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ROME 2020

Review: Sirley

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- Elisa Amoruso makes her fiction debut with a highly personal story, based upon her adolescence which was marked by a special friendship and a pair of maladjusted parents

Review: Sirley
Emma Fasano and Manon Bresch in Sirley

Last year, she travelled to Rome with her documentary on child models Bellissime [+see also:
film review
film profile
]
, a work which followed hot on the heels of the rather “noisy” stint enjoyed in Venice by her film on the queen of influencers Chiara Ferragni: Unposted [+see also:
trailer
interview: Elisa Amoruso
film profile
]
. This year, Elisa Amoruso is making her return to Rome with her first work of fiction, and the person laying herself bare on this occasion is the director herself. Presented in the Reflections section of the 15th Rome Film Fest, Sirley [+see also:
trailer
film profile
]
is actually a story based upon the director-screenwriter’s teenage years, which were marked by a very special friendship and a pair of maladjusted parents. It’s a work which doesn’t have much to add to the coming of age genre, but it boasts a certain sensitivity and the virtue of authenticity.

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It all begins with a bizarre move to a neighbourhood on the outskirts of Rome in 1989. Nina (14-year-old Emma Fasano, making her first on-screen appearance) steps foot inside her new home, together with her mum Laura (Micaela Ramazzotti), her little brother Lorenzo (Federico Ielapi, Matteo Garrone’s Pinocchio) and an enormous pool table that her father Enzo (Giampaolo Morelli) is convinced he’ll be able to use as a dining table too, to the fury of his wife. Mum and Dad are both a little unhinged, they fight continually but they’re also madly in love. They’ve been forced to leave their apartment in the centre of Rome and move into a block on the city outskirts as a result of Enzo’s gambling debts. A lively and elusive character, he goes out every night and rocks up in a different car every week. Laura would be well advised to leave him but, head over heels in love, she ploughs on. Nina, meanwhile, is disoriented. Her first day at her new school doesn’t bode well given that she comes to blows with quarrelsome classmate Sirley (Manon Bresch), who isn’t much bigger than Nina and who hails from French Guyana. But there’s a fine line between love and hate, and immediately afterwards, despite Sirley not speaking a word of Italian, the two forge an affectionate friendship which slowly grows into something more.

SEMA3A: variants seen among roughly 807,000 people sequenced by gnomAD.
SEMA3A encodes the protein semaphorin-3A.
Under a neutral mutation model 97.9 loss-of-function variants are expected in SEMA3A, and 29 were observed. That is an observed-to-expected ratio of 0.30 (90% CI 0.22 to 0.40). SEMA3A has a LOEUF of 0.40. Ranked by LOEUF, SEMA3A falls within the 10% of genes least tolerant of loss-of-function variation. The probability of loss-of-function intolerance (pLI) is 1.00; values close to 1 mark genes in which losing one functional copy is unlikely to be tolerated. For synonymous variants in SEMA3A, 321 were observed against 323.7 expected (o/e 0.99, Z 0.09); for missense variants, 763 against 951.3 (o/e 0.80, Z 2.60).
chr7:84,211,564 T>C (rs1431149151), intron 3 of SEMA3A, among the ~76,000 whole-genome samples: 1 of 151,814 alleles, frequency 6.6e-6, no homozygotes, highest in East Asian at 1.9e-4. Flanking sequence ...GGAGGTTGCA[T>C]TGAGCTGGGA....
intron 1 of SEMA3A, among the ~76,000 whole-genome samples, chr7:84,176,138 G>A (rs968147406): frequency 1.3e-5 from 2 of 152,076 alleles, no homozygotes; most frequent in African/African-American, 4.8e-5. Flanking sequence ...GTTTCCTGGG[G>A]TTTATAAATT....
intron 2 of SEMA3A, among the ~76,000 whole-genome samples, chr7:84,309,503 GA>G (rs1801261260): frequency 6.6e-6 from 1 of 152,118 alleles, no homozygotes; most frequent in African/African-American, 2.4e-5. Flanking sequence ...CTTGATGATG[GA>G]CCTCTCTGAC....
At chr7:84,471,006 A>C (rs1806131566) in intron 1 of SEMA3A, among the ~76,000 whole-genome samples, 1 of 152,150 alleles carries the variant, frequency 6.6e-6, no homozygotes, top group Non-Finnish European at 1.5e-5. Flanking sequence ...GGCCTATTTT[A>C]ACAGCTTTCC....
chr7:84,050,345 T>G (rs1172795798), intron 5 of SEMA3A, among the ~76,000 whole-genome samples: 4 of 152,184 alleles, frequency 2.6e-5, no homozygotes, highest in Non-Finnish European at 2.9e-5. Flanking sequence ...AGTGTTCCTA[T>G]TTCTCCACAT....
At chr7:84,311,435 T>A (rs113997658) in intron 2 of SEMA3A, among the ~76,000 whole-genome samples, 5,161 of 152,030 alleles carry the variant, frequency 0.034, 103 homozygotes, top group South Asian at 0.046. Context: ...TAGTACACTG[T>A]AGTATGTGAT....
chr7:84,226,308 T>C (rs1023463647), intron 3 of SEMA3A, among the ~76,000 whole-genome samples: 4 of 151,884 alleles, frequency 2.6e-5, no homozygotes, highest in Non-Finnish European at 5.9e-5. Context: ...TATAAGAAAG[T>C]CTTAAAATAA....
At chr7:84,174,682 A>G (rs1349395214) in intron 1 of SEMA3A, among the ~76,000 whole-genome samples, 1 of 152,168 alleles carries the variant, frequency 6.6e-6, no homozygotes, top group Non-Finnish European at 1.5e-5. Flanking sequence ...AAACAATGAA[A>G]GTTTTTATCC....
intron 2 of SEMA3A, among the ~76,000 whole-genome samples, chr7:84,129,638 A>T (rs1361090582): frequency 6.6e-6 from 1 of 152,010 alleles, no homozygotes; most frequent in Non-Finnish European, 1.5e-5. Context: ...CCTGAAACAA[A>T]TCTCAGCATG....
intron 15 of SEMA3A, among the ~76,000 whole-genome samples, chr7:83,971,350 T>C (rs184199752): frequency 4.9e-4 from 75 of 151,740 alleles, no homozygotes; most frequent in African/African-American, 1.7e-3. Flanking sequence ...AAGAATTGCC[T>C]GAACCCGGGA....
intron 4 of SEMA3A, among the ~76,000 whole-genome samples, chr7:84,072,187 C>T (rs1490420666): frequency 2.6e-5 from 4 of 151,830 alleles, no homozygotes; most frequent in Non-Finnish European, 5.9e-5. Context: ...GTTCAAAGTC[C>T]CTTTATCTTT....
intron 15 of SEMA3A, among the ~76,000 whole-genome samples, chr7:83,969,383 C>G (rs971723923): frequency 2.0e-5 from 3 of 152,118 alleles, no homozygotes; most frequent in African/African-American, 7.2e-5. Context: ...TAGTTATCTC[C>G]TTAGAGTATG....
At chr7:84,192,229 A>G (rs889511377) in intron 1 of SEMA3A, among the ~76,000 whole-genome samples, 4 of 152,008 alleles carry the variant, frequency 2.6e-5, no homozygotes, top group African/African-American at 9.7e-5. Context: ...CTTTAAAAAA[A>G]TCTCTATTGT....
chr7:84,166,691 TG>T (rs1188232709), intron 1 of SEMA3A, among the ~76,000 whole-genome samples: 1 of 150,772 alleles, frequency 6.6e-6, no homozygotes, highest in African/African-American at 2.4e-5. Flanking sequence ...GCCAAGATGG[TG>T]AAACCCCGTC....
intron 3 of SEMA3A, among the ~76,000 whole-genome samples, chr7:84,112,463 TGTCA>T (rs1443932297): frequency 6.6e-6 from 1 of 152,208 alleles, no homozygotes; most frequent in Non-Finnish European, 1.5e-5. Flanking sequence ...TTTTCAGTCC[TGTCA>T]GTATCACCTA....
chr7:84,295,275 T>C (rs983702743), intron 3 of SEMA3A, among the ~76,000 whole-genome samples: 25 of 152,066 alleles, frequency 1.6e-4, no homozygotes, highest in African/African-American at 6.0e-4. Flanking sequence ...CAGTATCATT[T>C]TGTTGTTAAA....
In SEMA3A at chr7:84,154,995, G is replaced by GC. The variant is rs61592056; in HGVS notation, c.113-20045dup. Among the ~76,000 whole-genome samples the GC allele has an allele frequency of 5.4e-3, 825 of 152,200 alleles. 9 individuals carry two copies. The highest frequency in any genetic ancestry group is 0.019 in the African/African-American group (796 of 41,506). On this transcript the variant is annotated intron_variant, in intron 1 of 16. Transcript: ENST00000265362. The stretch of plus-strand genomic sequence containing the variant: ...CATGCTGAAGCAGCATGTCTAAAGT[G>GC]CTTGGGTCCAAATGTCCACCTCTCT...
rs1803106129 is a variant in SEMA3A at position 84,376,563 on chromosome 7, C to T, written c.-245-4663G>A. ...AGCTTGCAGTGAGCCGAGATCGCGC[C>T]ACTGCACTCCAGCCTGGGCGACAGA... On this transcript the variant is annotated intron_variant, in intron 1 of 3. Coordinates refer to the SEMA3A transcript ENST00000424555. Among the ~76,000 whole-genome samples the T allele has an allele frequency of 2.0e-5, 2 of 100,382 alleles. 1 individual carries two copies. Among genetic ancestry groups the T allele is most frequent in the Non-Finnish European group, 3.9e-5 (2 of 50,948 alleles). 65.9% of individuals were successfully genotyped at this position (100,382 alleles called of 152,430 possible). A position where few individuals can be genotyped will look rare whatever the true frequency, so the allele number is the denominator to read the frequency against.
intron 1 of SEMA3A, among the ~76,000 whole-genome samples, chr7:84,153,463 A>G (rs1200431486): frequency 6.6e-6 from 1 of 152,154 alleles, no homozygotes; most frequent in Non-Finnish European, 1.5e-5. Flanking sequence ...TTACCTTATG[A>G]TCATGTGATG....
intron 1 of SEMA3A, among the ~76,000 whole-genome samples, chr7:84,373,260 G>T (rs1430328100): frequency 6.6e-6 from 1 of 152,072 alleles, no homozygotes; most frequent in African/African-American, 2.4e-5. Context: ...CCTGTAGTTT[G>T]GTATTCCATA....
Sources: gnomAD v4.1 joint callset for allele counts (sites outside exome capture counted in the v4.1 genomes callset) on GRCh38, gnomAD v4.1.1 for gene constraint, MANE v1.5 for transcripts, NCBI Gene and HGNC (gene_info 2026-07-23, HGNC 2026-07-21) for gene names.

It’s not easy to pinpoint any specific quality which sets this film apart from the countless other coming of age tales that have already come our way, works following in the footsteps of adolescents who are discovering their own forbidden sexual desires, whilst also wrestling with dysfunctional families and responsibilities beyond their understanding. Whatsmore, some aspects of the film don’t feel particularly credible and we can’t help thinking that something’s amiss (what environment do these people really come from? How does Nina speak such good French?). Ramazzotti is once again playing her trademark part (the fragile and dishevelled wife-mother), and the same goes for Morelli, in the shoes of a Neapolitan Gascon which we’ve already seen countless times before. What does stand out, however, is the freshness of the two younger actresses: newcomer Fasano, who conveys the ups and downs of her age with great aplomb, and twenty-year-old Bresch, who’s both wild and beautiful - two girls who are brought together by loneliness and the cumbersome reality of having to live with reckless parents.

Scripted by the director alongside Paola Randi and Eleonora Cimparelli (based upon the book of the same name, written by Amoruso herself), Sirley is produced by BiBi Film and RAI Cinema, and is co-produced by French firm Agat Films & Cie. The film will be released in Italian cinemas on 12 November, courtesy of Bim Distribuzione, with international sales entrusted to Fandango Sales.

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(Translated from Italian)

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